This image shows lignin extraction with (left) and without formaldehyde (right).(CREDIT: Alain Herzog/EPFL)
Lignin is a bulky chain of molecules present in wood and is usually discarded in the biofuel production process. However, in a recent technique developed by EPFL chemists, by just adding formaldehyde to the process, lignin can be changed into the main area of focus.
Using more of plant-derived chemicals and biofuels implies the reduced dependence on fossil fuels. However, the main challenge here is the cost-effective production of biomass from organic matter and plants.
Generally, biomass is derived from various non-edible plants such as grass, trees and algae, which contain sugars that can ferment and can be converted to fuels. However, biomass contains lignin which is a bulky and complex organic polymer that makes wood and tree barks rigid.
As lignin processing is a complex task, it is mostly discarded during biofuel processing.
Recently, EPFL scientists have discovered a potential technique to convert lignin into an important source of biofuel. This was done by adding formaldehyde, which is an easily-available chemical, converting approximately 80% of all the lignin into molecules for plastics and biofuel. This patent-pending method research work has the potential to be scaled up to industrial levels, and the results have been published in Science.
Complex, But Energy-Dense
Lignin is a very complex biopolymer that fills the hard wall around every plant cell. In fact, almost a third of plant biomass is made up of lignin, and lignin’s molecular structure helps to provides almost 30% more energy density than the traditional sugars that are processed into biofuel.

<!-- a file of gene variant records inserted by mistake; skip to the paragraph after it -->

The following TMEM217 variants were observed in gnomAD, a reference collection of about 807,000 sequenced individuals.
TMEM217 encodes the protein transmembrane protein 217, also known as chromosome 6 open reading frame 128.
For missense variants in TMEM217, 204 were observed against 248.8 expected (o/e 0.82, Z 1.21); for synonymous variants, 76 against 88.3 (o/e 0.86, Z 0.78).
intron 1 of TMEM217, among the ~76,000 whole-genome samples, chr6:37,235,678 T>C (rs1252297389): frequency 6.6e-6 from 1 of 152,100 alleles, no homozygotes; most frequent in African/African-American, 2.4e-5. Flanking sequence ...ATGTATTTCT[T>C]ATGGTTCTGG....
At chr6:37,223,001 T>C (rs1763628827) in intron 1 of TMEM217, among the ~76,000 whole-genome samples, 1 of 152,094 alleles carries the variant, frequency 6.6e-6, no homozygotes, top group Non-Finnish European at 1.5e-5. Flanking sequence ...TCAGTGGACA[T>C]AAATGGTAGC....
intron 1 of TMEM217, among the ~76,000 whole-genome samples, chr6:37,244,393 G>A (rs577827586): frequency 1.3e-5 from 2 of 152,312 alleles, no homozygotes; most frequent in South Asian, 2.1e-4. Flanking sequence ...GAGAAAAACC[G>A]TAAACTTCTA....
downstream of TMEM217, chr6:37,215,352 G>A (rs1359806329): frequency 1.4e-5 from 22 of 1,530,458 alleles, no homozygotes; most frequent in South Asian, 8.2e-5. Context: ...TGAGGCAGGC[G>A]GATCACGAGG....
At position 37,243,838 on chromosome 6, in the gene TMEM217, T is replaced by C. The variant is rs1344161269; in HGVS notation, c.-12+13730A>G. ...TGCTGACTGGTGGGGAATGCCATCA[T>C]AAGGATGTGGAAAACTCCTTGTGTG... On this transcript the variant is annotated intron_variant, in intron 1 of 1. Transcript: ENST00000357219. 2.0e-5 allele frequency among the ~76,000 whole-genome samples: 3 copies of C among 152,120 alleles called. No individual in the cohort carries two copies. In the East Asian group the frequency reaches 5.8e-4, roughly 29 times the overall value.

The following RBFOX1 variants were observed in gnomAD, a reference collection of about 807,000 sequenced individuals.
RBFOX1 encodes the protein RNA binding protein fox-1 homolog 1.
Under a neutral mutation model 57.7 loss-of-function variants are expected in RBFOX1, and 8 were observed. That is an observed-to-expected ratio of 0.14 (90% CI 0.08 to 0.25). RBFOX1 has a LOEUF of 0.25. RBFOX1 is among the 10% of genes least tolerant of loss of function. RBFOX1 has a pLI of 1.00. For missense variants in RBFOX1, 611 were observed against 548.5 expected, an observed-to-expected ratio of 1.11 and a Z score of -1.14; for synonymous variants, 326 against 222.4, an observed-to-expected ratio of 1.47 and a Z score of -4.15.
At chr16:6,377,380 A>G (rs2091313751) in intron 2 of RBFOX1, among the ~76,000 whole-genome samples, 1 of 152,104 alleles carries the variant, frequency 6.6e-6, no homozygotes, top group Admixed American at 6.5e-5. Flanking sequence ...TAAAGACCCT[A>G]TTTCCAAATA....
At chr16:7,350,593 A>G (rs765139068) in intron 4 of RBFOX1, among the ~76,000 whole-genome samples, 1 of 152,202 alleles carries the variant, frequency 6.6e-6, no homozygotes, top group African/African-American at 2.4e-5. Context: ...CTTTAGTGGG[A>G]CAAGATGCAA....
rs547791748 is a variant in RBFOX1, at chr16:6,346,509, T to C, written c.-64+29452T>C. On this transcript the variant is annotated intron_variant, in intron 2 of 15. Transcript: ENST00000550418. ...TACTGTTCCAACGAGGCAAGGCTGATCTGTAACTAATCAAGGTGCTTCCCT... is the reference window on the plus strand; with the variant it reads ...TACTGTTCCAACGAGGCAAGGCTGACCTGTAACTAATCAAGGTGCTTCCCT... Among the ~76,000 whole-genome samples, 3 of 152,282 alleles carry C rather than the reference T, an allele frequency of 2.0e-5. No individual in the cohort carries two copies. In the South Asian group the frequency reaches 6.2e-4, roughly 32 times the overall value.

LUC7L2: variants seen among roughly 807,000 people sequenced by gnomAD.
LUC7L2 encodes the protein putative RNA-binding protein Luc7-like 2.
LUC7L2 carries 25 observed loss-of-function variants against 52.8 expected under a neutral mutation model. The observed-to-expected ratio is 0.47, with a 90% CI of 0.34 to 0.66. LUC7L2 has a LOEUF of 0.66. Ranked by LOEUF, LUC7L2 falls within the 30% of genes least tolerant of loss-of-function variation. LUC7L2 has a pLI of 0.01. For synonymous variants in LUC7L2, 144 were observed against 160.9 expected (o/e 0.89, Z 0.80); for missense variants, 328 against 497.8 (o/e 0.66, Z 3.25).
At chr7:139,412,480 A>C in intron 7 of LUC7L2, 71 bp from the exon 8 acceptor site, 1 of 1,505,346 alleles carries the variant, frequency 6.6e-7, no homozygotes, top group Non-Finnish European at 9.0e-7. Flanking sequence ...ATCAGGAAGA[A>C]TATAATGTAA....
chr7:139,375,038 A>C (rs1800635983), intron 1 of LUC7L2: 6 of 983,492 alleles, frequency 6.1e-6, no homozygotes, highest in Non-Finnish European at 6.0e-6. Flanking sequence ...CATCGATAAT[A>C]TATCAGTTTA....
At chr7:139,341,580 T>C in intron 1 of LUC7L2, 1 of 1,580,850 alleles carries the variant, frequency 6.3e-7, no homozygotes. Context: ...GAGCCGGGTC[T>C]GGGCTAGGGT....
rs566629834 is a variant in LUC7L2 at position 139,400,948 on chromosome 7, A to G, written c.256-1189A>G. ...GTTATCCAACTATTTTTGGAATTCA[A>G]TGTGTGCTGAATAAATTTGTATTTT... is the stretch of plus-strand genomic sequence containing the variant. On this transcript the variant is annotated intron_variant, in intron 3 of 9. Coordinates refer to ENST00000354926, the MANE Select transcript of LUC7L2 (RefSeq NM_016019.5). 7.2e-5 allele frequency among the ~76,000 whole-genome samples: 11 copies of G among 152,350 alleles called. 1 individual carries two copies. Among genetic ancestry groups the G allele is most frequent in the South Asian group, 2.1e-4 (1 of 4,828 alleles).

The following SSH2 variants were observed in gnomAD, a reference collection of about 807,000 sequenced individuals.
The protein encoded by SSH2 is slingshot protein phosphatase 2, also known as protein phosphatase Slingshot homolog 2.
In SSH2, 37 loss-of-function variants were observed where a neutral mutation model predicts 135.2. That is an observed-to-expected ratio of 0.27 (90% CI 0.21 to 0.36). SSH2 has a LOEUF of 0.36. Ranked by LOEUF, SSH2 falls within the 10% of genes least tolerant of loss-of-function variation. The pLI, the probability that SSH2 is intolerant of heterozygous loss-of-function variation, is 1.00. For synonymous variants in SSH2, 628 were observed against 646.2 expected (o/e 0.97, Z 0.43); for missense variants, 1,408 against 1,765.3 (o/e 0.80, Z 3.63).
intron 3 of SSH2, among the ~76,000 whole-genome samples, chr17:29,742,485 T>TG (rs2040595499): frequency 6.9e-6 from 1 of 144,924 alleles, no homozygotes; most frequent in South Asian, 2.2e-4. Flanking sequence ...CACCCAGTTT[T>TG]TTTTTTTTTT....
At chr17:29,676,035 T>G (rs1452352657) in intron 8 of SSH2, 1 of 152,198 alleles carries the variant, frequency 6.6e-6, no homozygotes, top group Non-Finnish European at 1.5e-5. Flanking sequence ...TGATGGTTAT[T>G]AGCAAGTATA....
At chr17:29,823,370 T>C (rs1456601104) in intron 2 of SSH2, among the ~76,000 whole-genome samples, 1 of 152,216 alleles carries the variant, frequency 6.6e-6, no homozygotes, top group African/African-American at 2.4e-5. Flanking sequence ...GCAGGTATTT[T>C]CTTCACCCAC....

One major drawback is that lignin cannot be easily extracted and transformed. Because of this instability, lignin is usually destroyed during extraction process and most of studies have not succeeded in efficiently breaking apart lignin for potential applications into chemicals and fuels.
An international team of researchers led by Jeremy Luterbacher at EPFL have now demonstrated that lignin can be easily broken apart by adding chemical formaldehyde to the process. Researchers noticed that formaldehyde can stabilize lignin and can curb its degradation as well. This could possibly lead to high yields of building blocks that can be utilized to generate substitutes for petrochemicals. These yields were found to be 3-7 times more than the yield obtained from lignin that is processed sans formaldehyde.
Depending on the wood used we get between 50 and 80%. The chemistry is relatively straightforward; the real challenge is actually finding investors for a pilot facility to demonstrate this.
Jeremy Luterbacher, EPFL
Luterbacher became famous in 2014 for developing a technique for the safe and cheap extraction of sugars from plants (this research work is also published in Science).
Because of inconsistent political support and largely varying energy prices, he feels that the sustainable energy market is challenging. Especially because of the well-established fossil fuels and an uncertain market, investors for such innovative platforms hesitate to come forward and take a risk.
The technology looks really good. If the global political establishment sent a consistent message about moving away from fossil fuels, then investors would take notice. But I think Switzerland is a great place to get started. The Swiss have been unwavering supporters of clean energy and could help demonstrate new technologies, and so I’m quite optimistic about the future.
Jeremy Luterbacher, EPFL
This research work is a partnership of EPFL’s Institute of Chemical Engineering (ISIC) with the University of Wisconsin-Madison, the US Department of Energy, and Purdue University. The Swiss Competence Center for Energy Research (Biomass for a Swiss Energy Future), the Swiss National Science Foundation, EPFL, the US Department of Energy, Great Lakes Bioenergy Research Center; and Center for Direct Catalytic Conversion of Biomass to Biofuels funded this research project. Based on this work, EPFL has submitted a patent application.
École polytechnique fédérale de Lausanne (EPFL)/Youtube.com